Neurologic complications in children with soft tissue and osseous sarcoma

Authors

  • Eric D. Kramer MD,

    1. Neuro-Oncology Program, Children's Hospital of Philadelphia, Pennsylvania
    2. Division of Neurology, Children's Hospital of Philadelphia, Pennsylvania
    3. Department of Neurology, University of Pennsylvania, Philadelphia, Pennsylvania
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  • Donald Lewis MD,

    1. Department of Pediatrics, US Naval Hospital, Portsmouth, Virginia
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  • Beverly Raney MD,

    1. Division of Pediatric Hematology-Oncology, Department of Pediatrics, University of Virginia Hospital, Charlottesville, Virginia
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  • Richard Womer MD,

    1. Division of Oncology, Children's Hospital of Philadelphia, Pennsylvania
    2. Department of Pediatrics, University of Pennsylvania, Philadelphia, Pennsylvania
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  • Roger J. Packer MD

    Corresponding author
    1. Neuro-Oncology Program, Children's Hospital of Philadelphia, Pennsylvania
    2. Division of Neurology, Children's Hospital of Philadelphia, Pennsylvania
    3. Department of Neurology, University of Pennsylvania, Philadelphia, Pennsylvania
    4. Department of Pediatrics, University of Pennsylvania, Philadelphia, Pennsylvania
    • Division of Neurology, Children's Hospital of Philadelphia, 34th and Civic Center Boulevard, Philadelphia, PA 19104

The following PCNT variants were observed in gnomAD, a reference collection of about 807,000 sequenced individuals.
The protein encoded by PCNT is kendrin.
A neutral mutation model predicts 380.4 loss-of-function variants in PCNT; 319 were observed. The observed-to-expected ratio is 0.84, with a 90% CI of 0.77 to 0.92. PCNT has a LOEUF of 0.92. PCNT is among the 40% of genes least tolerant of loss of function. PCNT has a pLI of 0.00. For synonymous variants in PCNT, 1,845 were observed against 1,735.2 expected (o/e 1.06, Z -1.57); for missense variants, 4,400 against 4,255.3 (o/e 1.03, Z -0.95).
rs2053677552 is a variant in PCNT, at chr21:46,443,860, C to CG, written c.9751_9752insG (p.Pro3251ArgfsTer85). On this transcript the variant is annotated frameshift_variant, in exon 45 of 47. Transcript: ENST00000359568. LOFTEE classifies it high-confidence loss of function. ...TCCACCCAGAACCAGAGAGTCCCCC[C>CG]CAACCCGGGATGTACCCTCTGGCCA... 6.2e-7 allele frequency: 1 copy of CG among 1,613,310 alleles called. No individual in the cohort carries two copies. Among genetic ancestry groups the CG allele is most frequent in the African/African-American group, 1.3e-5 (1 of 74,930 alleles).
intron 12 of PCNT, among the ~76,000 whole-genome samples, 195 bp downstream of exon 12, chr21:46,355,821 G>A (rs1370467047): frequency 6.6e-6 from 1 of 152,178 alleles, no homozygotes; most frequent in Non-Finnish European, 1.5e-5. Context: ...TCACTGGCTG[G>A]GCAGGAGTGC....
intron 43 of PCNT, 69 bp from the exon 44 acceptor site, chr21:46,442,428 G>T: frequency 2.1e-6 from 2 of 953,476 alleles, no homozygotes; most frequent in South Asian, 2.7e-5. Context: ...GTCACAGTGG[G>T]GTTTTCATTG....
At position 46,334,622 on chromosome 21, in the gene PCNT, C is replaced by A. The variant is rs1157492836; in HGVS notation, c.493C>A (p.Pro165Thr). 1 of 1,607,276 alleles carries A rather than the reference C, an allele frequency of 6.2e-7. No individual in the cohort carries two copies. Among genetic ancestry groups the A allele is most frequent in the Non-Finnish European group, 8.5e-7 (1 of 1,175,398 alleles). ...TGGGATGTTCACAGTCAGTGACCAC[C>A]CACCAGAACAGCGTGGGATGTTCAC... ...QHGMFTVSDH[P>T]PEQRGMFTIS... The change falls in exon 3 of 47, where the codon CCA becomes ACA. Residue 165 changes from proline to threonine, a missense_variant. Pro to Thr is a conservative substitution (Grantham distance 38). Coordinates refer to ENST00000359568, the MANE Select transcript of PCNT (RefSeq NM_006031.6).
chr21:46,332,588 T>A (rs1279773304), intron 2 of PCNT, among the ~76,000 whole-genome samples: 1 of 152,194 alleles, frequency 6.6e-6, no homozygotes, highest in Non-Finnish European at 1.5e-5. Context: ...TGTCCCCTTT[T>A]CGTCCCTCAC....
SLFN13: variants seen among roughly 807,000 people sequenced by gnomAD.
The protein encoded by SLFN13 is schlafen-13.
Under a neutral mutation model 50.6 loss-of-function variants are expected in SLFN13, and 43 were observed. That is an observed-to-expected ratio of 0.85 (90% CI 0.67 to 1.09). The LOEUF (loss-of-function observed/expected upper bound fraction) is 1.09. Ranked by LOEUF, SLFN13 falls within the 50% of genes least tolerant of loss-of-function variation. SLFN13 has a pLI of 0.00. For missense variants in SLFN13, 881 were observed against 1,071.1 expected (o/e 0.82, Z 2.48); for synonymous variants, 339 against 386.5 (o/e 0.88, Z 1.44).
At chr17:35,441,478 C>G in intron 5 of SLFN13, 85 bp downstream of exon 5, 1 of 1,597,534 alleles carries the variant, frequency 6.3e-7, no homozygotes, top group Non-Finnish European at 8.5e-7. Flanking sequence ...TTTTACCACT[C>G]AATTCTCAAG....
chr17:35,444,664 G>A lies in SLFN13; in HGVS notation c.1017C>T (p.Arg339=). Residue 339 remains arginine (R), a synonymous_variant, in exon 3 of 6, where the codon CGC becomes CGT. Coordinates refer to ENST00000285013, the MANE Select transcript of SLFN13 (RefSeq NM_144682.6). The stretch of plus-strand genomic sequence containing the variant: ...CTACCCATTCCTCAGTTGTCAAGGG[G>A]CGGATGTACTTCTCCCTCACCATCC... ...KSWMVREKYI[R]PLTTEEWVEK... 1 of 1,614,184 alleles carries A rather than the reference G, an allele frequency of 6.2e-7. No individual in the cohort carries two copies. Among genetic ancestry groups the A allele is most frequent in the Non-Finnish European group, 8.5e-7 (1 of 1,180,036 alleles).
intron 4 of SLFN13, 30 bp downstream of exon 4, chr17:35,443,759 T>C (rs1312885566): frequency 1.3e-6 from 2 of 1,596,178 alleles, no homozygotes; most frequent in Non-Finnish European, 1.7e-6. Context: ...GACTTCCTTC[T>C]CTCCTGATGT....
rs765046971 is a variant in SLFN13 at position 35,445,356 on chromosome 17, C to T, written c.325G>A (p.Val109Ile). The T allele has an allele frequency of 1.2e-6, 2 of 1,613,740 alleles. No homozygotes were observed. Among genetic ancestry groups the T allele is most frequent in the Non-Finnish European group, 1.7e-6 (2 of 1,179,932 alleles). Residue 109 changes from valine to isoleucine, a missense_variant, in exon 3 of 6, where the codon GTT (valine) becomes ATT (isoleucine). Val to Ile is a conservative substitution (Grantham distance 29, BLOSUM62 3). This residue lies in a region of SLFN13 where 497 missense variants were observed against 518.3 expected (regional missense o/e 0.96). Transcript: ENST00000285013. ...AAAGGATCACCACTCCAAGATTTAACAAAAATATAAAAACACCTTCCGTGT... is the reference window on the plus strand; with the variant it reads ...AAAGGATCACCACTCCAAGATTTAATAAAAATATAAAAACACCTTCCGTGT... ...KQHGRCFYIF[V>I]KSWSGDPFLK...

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Abstract

From 1980 to 1987, 162 consecutive children with soft tissue and osseous sarcoma were reviewed to determine the frequency and types of neurologic complications seen. Neurologic complications occurred in 43 of 162 (26.5%) patients. Children with poorly differentiated sarcomas and rhabdomyosarcoma were more likely to have neurologic complications, which occurred in 39% of patients at risk. The types of complications seen included: metastatic spinal cord compression (11%); symptomatic peripheral neuropathy (10%); intracranial metastatic disease (7.5%); seizures (6%); and acute and chronic methotrexate-related neurologic dysfunction (2.5%). Spinal cord compression frequently occurred early in disease whereas brain metastases was almost always a late finding. Symptomatic peripheral neuropathy occurred primarily in children with rhabdomyosarcoma and Ewing's sarcoma. The advent of increasingly successful therapies for children with sarcoma and the frequency of severe neurologic complications indicate that a heightened level of surveillance for neurologic compromise is required. Cancer 64:2600–2603, 1989.

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